Letting Yourself Down

Letting Yourself Down

Never regret. If it’s good, it’s wonderful. If it’s bad, it’s experience. 

I can’t help but feel disappointed about our gig last night. Our bass player threw out his back and couldn’t make it so we had to run the entire night without bass. Things felt like a train wreck and I probably gave up too soon. We didn’t do the best we could, the drummer did, he was a really good sport about the whole thing. We were all hot and tired and I felt completely lost when I realized that the bass player wasn’t going to show. I got caught off guard and was basically just throwing songs out there to keep things going. I was disorganized and I really should have been prepared better for exactly what happened. In life, I think, we get this picture of how things are supposed to be and when they don’t meet our expectations it throws a curve ball at us and suddenly we realize we left our mitt at home. Well I left my mitt at home last night and apparently my brain as well. Next time I will know better. I know that I am being entirely too hard on myself, I do that a lot. You know what they say, we are our own worst critics. The sad thing about it is I didn’t woman up and make the situation great, I just sort of folded into myself in disappointment, that was by far my biggest mistake. 

20 responses »

  1. I empathize I don’t like change of any kind and having someone you depend on to not be there for whatever reason (I am sure it was a good valid reason) can throw you. Just realize it is over it was not your best and you will be better prepared should something beyond your control happen again.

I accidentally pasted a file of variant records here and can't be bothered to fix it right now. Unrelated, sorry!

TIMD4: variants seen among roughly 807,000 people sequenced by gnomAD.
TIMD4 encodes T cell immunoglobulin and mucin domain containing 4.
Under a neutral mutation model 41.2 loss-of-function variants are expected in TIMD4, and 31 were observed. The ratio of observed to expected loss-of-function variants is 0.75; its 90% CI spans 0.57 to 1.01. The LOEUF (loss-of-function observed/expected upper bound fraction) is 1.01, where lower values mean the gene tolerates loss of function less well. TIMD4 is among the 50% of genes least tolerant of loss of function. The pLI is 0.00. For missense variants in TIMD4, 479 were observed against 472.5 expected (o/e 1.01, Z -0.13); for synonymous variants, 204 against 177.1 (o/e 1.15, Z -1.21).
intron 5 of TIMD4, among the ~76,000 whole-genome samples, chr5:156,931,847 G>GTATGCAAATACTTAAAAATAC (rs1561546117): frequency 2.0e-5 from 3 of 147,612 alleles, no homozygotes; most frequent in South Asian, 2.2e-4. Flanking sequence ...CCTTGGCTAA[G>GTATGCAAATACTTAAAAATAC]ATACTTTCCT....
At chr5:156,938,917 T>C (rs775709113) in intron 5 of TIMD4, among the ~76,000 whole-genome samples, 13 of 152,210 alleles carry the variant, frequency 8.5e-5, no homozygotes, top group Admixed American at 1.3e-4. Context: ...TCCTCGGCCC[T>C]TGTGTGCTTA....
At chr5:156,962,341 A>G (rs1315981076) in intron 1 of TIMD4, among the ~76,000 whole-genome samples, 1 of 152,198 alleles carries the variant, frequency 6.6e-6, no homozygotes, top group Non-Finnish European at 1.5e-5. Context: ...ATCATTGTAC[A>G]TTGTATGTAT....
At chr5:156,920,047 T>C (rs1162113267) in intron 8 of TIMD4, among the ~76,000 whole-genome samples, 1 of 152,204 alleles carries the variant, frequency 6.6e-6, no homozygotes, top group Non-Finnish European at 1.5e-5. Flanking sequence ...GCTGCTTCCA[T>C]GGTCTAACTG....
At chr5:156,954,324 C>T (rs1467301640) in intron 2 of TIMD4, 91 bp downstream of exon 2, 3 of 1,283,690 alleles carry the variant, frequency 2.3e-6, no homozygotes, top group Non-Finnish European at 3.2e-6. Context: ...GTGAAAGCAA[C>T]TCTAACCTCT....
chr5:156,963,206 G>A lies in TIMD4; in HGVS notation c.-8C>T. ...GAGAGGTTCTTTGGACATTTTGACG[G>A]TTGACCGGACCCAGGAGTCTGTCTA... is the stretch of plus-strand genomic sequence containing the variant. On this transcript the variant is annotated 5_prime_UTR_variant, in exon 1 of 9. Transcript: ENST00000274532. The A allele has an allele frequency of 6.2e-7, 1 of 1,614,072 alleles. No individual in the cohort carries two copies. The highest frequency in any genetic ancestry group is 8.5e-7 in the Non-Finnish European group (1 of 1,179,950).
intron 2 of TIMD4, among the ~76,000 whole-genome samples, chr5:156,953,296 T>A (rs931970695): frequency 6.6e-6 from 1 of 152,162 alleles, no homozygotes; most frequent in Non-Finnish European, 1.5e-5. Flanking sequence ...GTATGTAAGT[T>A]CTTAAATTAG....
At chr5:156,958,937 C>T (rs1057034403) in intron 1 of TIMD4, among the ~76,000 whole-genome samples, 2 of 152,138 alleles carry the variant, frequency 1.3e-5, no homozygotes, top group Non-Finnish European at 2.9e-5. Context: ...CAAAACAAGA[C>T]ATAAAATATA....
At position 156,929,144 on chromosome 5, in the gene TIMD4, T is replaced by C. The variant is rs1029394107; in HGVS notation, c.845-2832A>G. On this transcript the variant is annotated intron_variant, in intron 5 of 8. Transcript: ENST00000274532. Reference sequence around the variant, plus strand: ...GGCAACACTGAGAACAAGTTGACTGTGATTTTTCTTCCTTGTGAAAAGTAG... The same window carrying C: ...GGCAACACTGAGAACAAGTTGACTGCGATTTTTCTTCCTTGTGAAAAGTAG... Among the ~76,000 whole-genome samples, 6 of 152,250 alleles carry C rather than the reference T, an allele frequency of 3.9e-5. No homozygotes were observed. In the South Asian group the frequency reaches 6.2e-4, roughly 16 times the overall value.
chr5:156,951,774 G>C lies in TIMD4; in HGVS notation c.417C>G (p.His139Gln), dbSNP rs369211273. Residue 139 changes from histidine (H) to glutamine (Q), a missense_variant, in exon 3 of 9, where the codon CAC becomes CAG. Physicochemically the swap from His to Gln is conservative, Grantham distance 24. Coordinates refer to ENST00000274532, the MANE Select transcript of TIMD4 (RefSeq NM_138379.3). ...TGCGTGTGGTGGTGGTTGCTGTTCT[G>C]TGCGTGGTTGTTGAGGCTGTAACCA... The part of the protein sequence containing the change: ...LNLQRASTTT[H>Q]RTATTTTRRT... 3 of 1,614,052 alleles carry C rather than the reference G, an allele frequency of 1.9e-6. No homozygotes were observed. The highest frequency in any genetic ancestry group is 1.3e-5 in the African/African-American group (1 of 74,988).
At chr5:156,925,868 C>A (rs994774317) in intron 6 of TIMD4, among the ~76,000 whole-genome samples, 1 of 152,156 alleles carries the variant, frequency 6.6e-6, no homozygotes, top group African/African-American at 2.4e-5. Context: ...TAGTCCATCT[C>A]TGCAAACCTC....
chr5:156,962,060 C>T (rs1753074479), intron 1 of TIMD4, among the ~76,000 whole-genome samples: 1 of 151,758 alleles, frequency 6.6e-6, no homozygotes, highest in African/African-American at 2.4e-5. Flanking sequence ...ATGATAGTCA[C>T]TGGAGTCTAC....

I am pretty sure you did a great job you just think you did worse because you have such high expectations of yourself. ((Hugs))

    • Thank you so much, and you are probably right. I think the bad things always stand out more so than the good often times…It’s human nature to examine the negative isn’t it…LOL

  2. I’m sorry that the gig didn’t go as well as expected, but it certainly wasn’t your fault that you didn’t have a bass player, or warning that he wasn’t going to be there. At least the show still went on and you kept singing. (Anyway, if you were singing, how bad could it have been? : ) Chin up, on to the next –and better–gig! ~ Lily

  3. Victoria Holt’s got it right…. Chalk it up to experience girl…..
    Life isn’t always gonna go right! That’s just a fact…
    ‘Accepting’ that is the way to go…. 😉
    Luv ya….

  4. Its easy to get blindsided at a gig, especially if you’ve made the stage a ‘safe’ place – your comfort zone. When I step out with my main bands, I know exactly whats supposed to happen when, i totally trust the other guys are going to do their thing on cue, and we can fly, cos we feel ‘safe’. But this weekend for example, I’m doing four local shows around the beach bars with 2 other guys, no rehearsals together, just for the fun of it – and it will be a fly-by-the-seat-of-your-pants-what the-fuck-comes-next-crazy experience! And I NEED those, because they help when you get caught off guard like when your bassist didn’t show. I like getting up and jamming when I don’t know the song, it stretches me and teaches me – but above all it makes me fearless. You’re fearless Jaz, and that mis-step only strengthens you. Anyway, YOU did the gig, the bass player’s a wuss! 🙂 I’ve done gigs when I was throwing up in the wings between verses (not a good look) The show must go on, right? 😉

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